Hewlett-Packard Co. added new services to its information lifecycle management (ILM) initiative on Wednesday, focusing on helping customers understand the long-term requirements of managing large IT infrastructures. And while HP said ILM is quickly becoming mission critical in certain sectors, one analyst noted that the concept still has a way to go before it will be implemented by most organizations.
HP’s ILM initiative -which is targeted towards the financial services and health care sector because of rigid data tracking requirements in these industries – falls under the company’s adaptive enterprise strategy, according to Barry Gregory, storage business development manager for HP in Ottawa.
He said this initiative is about taking a “laser focus” on wrapping solutions around helping customers create and modify, replicate and distribute, archive and recall, and protect and recover their data.
“If you think of customers and the unbelievable growth they are experiencing in their storage environments today, ILM is an initiative to help them manage their storage both in terms of designing it and in terms of the long-term management of it including things like archive retention,” Gregory said.
He used the banking industry as an example of environments that have “unbelievable retention legislation requirements” that reside within the organization and said the growth in storage has gone way beyond people’s ability to manage it today.
Gregory said organizations are burdened with finding ways to provide information quickly and easily to end users without burying their systems and networks with information that doesn’t need to be current.
“Some stuff you need at your fingertips and some stuff, you need it and you want it, but you don’t need it at your fingertips – and that’s what ILM is all about,” Gregory said. “It’s about putting the information where you know you can find it but you don’t have everything sitting on your desktop because you couldn’t manage that.”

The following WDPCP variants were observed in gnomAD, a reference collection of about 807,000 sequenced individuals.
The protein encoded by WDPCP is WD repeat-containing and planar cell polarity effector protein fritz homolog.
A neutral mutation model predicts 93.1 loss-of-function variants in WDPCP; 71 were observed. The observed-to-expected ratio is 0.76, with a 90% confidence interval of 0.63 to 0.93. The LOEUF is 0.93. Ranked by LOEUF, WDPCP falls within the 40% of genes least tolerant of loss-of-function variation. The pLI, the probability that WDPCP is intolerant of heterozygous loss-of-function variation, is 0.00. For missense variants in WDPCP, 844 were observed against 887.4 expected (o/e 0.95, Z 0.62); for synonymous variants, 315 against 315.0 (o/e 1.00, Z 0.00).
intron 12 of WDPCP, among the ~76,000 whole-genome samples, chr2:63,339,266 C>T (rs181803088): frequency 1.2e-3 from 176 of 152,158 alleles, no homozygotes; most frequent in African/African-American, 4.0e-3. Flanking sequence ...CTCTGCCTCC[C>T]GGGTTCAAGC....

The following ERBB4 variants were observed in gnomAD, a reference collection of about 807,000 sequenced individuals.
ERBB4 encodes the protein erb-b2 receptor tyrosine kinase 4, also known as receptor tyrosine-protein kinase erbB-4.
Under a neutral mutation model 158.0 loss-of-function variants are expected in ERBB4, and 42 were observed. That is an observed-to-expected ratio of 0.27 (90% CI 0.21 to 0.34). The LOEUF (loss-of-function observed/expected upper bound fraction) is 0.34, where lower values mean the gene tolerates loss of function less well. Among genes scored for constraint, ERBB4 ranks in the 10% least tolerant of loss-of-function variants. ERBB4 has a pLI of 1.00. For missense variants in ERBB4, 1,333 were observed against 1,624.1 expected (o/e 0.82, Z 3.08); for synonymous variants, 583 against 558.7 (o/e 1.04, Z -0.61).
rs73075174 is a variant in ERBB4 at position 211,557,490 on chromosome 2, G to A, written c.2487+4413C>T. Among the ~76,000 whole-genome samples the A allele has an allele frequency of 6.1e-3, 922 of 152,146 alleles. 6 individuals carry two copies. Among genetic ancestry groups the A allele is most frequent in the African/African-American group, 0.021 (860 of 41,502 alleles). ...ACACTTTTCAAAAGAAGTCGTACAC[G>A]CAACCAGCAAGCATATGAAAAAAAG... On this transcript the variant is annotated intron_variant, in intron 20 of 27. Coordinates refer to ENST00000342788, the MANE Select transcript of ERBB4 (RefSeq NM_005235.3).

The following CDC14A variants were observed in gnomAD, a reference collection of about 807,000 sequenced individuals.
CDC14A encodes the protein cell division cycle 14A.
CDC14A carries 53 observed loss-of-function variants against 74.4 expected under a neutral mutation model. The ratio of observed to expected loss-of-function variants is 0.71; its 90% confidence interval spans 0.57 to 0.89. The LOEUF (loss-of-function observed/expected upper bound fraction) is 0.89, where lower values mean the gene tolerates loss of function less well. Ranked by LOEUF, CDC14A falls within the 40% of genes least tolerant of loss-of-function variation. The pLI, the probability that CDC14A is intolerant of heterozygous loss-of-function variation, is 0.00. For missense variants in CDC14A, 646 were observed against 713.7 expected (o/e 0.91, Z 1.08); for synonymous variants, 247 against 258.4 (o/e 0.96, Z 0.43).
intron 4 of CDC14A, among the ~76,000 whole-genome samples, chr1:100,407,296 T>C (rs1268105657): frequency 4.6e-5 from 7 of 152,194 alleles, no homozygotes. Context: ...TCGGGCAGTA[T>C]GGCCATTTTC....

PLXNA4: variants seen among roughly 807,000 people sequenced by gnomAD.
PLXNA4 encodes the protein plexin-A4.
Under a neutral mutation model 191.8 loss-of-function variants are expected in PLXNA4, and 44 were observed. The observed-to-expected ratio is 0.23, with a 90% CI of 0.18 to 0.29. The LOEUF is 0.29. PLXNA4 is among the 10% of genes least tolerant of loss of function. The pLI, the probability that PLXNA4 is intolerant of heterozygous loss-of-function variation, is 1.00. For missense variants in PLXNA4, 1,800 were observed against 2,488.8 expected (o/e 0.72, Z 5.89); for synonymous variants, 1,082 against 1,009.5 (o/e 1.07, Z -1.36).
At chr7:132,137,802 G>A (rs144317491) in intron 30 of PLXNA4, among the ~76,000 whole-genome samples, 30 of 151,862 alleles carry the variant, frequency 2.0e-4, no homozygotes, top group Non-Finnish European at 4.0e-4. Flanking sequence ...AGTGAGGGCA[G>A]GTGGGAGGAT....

E-mail is a good example of an application that doesn’t need to be kept on a high performance disk, but rather can be moved to a lower performance, lower costing disk, said David Hill, vice-president of storage research at Boston, Mass.-based Aberdeen Group. A day or two after receiving an e-mail message, you aren’t going to do anything with it, he pointed out. You are not going to read it, you don’t change it, and it’s read only for the most part. It doesn’t have to be on a high performance disk because you don’t use it that often. While you might still need it in case you want to go back and check it, he explained, you don’t need it instantaneously.
Hill said ILM is an infrastructure issue that, as a concept, is still incomplete. He added that although it is not mission critical for most organizations today, companies should spend the next three years, while waiting for the rest of ILM’s tools to come to market, deciding on how they are going to handle their storage plans.
Also on Wednesday, HP introduced its new version of OpenView Smart Plug-in for PeopleSoft Inc. which was designed to support the latest HP OpenView, PeopleTools and OS applications.